The inauguration of an Iranian governor was interrupted by a man walking on stage and slapping him in the face – allegedly because he was furious his wife had to get her Covid jab delivered by a male doctor.
Abedin Khorram was appointed as Governor of East Azerbaijan Province in northwestern Iran was slapped by ‘a member of the armed forces’ during the ceremony, according to the regime-linked Fars news agency.
Mr Khorram is a former IRGC provincial commander and has reportedly been kidnapped in the past by Syrian rebel forces.
After taking the podium for his inaugural address, the man strode onstage and powerfully slapped Khorram in the face.
The connection that the man made echoed through the room after it was picked up by the podium’s microphone.
The motive for the attack is unclear with one report saying the man was unhappy that his wife’s Covid-19 vaccine had been administered by a male healthcare professional.
Security immediately swarmed the stage and dragged the assailant off through a side door, knocking down a curtain as they did.
Khorram later returned to the stage and made several quips about his reported time in Syria.
Khorram said: ‘I do not know him of course but you should know that, although I did not want to say it, when I was in Syria I would get whipped by the enemy 10 times a day and would be beaten up.
‘They would hold a loaded gun to my head. I consider him on a par with those enemies but forgive him.’
Though he denied knowing the man, the state-run IRNA news agency described the attacker as a member of the Guard’s Ashoura Corps, which Khorram had overseen.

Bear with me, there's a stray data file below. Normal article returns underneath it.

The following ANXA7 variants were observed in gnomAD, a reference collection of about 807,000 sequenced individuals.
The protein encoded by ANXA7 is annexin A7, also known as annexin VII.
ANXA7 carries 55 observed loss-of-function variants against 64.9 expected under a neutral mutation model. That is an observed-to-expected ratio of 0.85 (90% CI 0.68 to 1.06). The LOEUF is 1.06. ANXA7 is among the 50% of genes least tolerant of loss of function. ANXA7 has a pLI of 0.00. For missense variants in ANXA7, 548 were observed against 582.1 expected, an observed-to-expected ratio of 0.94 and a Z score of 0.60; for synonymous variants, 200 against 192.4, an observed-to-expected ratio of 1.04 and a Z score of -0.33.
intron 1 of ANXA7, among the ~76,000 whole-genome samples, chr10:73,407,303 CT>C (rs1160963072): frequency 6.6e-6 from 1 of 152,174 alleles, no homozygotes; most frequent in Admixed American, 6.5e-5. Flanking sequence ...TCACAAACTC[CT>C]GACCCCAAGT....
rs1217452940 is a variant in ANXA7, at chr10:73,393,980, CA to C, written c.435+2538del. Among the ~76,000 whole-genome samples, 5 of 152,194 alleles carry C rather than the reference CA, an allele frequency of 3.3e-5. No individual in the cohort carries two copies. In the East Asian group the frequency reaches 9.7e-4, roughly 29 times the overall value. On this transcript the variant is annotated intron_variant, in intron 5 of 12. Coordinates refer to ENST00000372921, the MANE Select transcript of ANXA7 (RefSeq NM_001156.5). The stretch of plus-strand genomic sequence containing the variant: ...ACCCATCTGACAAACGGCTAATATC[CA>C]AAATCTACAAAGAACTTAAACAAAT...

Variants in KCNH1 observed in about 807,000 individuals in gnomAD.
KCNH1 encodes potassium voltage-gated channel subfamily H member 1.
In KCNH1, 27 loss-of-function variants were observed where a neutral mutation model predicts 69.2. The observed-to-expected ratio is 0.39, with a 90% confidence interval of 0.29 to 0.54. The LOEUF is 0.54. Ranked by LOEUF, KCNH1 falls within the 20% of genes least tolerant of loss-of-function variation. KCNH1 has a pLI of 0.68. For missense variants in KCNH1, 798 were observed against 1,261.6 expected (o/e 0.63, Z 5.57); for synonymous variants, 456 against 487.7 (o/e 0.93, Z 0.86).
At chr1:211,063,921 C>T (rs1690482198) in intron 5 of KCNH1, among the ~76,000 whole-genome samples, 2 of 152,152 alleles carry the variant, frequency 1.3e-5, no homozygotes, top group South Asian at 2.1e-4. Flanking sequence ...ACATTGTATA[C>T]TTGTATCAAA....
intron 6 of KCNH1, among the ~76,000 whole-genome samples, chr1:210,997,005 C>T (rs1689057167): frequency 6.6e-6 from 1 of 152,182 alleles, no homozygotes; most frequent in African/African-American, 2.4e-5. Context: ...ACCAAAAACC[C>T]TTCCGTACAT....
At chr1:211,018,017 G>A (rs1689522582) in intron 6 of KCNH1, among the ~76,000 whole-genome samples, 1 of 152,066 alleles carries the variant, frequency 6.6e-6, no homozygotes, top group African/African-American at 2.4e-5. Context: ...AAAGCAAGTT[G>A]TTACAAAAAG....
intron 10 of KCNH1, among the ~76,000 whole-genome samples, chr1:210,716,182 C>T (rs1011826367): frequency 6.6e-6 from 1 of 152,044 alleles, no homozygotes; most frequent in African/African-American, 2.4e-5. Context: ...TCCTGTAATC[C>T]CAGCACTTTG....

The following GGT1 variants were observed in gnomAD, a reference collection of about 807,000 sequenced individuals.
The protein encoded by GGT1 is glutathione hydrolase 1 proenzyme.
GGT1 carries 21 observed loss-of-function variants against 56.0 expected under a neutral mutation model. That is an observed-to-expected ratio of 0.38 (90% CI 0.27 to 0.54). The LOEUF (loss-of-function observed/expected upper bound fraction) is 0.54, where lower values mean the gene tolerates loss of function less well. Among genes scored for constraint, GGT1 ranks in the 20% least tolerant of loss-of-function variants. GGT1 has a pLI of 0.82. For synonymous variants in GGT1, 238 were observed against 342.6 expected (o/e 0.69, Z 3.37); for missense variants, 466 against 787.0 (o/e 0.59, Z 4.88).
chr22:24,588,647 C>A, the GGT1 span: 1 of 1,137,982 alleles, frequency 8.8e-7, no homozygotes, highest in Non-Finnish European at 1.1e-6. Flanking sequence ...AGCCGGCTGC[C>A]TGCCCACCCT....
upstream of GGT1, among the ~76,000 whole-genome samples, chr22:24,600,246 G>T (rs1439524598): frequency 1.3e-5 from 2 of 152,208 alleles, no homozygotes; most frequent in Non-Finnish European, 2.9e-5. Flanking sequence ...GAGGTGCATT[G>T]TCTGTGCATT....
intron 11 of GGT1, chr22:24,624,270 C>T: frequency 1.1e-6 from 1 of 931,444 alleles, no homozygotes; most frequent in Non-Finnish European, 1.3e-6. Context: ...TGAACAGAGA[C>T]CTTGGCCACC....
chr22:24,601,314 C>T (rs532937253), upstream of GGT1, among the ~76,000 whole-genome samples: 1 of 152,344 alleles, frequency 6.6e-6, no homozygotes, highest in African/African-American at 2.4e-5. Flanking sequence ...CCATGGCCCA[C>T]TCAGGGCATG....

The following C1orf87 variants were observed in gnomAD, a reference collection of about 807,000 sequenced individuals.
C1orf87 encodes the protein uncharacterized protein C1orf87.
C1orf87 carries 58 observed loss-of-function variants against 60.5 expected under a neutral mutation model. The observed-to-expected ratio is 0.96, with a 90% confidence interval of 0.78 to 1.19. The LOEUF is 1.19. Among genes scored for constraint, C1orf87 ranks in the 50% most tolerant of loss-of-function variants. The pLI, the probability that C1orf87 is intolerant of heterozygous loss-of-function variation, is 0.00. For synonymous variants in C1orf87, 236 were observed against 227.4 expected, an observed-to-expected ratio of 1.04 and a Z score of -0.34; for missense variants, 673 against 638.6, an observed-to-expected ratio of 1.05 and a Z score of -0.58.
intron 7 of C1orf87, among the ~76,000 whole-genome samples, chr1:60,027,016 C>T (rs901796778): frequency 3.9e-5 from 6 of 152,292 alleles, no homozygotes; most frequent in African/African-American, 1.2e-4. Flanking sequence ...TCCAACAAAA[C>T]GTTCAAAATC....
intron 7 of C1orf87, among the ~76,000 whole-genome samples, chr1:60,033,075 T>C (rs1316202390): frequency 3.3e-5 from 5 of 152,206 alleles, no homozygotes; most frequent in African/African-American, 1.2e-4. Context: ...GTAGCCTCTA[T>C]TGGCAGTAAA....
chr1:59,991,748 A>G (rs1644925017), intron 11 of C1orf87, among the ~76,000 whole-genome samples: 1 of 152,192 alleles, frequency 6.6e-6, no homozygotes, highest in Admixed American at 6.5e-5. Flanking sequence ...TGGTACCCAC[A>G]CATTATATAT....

IRNA described the attack as coming due to ‘personal reasons,’ without elaborating.
Another man on stage shouted’ death to the hypocrites’, a common chant used against exiled opposition groups and others who oppose the ruling regime.
Others cried out that Khorram was a ‘pro-supreme leader governor’ after being recently nominated by Iran’s hard-line parliament to serve as the provincial governor.
Khorram now serves under the government of President Ebrahim Raisi, a protege of Supreme Leader Ayatollah Ali Khamenei.
Khorram had been among 48 Iranians held hostage in 2013 in Syria, later released for some 2,130 rebels, according to the Foundation for Defense of Democracies, a Washington-based think tank that long has been critical of Iran.
Iran had referred to those held as Shiite religious pilgrims.
A State Department spokesperson at the time called it ‘just another example of how Iran continues to provide guidance, expertise, personnel (and) technical capabilities to the Syrian regime.’
The incident also comes amid anger in Iran over its precarious economic situation despite its support abroad for regional militias and others, including Syrian President Bashar Assad.
Iran’s economy has been hammered since then-President Donald Trump unilaterally withdrew from Tehran’s nuclear deal with world powers in 2018.